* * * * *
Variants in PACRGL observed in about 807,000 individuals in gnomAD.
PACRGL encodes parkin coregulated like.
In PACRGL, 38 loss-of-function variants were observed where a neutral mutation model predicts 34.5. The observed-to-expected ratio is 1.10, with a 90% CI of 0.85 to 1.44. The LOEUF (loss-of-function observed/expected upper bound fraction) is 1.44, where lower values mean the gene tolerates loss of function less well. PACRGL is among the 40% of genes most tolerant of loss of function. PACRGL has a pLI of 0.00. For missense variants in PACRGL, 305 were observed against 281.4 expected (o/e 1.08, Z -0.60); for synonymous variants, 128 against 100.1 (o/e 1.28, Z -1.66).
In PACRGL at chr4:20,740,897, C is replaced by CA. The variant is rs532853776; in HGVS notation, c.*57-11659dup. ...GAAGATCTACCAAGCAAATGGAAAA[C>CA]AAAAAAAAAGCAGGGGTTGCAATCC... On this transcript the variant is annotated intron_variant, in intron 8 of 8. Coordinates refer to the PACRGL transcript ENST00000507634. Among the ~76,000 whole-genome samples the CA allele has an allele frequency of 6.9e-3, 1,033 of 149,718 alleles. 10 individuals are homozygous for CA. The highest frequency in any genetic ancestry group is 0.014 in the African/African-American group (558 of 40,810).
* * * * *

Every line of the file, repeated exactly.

Variants in PACRGL observed in about 807,000 individuals in gnomAD.
PACRGL encodes parkin coregulated like.
In PACRGL, 38 loss-of-function variants were observed where a neutral mutation model predicts 34.5. The observed-to-expected ratio is 1.10, with a 90% CI of 0.85 to 1.44. The LOEUF (loss-of-function observed/expected upper bound fraction) is 1.44, where lower values mean the gene tolerates loss of function less well. PACRGL is among the 40% of genes most tolerant of loss of function. PACRGL has a pLI of 0.00. For missense variants in PACRGL, 305 were observed against 281.4 expected (o/e 1.08, Z -0.60); for synonymous variants, 128 against 100.1 (o/e 1.28, Z -1.66).
In PACRGL at chr4:20,740,897, C is replaced by CA. The variant is rs532853776; in HGVS notation, c.*57-11659dup. ...GAAGATCTACCAAGCAAATGGAAAA[C>CA]AAAAAAAAAGCAGGGGTTGCAATCC... On this transcript the variant is annotated intron_variant, in intron 8 of 8. Coordinates refer to the PACRGL transcript ENST00000507634. Among the ~76,000 whole-genome samples the CA allele has an allele frequency of 6.9e-3, 1,033 of 149,718 alleles. 10 individuals are homozygous for CA. The highest frequency in any genetic ancestry group is 0.014 in the African/African-American group (558 of 40,810).